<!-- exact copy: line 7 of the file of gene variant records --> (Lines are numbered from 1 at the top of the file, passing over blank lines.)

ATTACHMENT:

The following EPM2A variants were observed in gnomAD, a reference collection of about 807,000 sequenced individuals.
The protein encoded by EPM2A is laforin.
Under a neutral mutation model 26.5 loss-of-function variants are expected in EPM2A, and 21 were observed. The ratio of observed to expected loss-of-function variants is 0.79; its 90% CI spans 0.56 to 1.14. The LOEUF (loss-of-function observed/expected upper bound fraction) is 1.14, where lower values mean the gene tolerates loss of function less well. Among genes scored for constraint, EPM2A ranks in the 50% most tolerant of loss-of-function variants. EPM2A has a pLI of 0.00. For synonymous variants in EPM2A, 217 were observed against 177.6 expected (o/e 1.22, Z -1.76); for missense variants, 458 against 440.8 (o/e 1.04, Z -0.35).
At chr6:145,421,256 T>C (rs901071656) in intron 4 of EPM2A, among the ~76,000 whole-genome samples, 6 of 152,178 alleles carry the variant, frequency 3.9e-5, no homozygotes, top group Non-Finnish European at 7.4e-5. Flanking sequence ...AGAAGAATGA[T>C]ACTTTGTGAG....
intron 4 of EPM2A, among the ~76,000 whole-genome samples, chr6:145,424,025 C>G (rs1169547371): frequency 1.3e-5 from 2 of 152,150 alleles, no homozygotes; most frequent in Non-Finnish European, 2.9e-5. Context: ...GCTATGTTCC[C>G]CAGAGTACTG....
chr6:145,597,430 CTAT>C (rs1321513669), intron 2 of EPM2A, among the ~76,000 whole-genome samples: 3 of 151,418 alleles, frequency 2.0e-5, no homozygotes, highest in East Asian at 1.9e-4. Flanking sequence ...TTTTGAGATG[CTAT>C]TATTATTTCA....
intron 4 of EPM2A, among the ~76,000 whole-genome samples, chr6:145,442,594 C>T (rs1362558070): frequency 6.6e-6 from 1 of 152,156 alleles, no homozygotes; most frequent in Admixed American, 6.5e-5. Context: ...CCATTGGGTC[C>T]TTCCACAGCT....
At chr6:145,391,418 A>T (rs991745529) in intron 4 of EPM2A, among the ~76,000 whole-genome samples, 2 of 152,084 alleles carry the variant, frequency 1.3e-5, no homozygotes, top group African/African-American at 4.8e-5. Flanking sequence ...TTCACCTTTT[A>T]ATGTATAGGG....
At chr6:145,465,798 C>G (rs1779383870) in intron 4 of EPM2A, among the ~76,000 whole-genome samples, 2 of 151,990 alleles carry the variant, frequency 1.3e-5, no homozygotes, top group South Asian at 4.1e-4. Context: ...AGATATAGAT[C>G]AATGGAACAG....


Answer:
intron 4 of EPM2A, among the ~76,000 whole-genome samples, chr6:145,442,594 C>T (rs1362558070): frequency 6.6e-6 from 1 of 152,156 alleles, no homozygotes; most frequent in Admixed American, 6.5e-5. Context: ...CCATTGGGTC[C>T]TTCCACAGCT....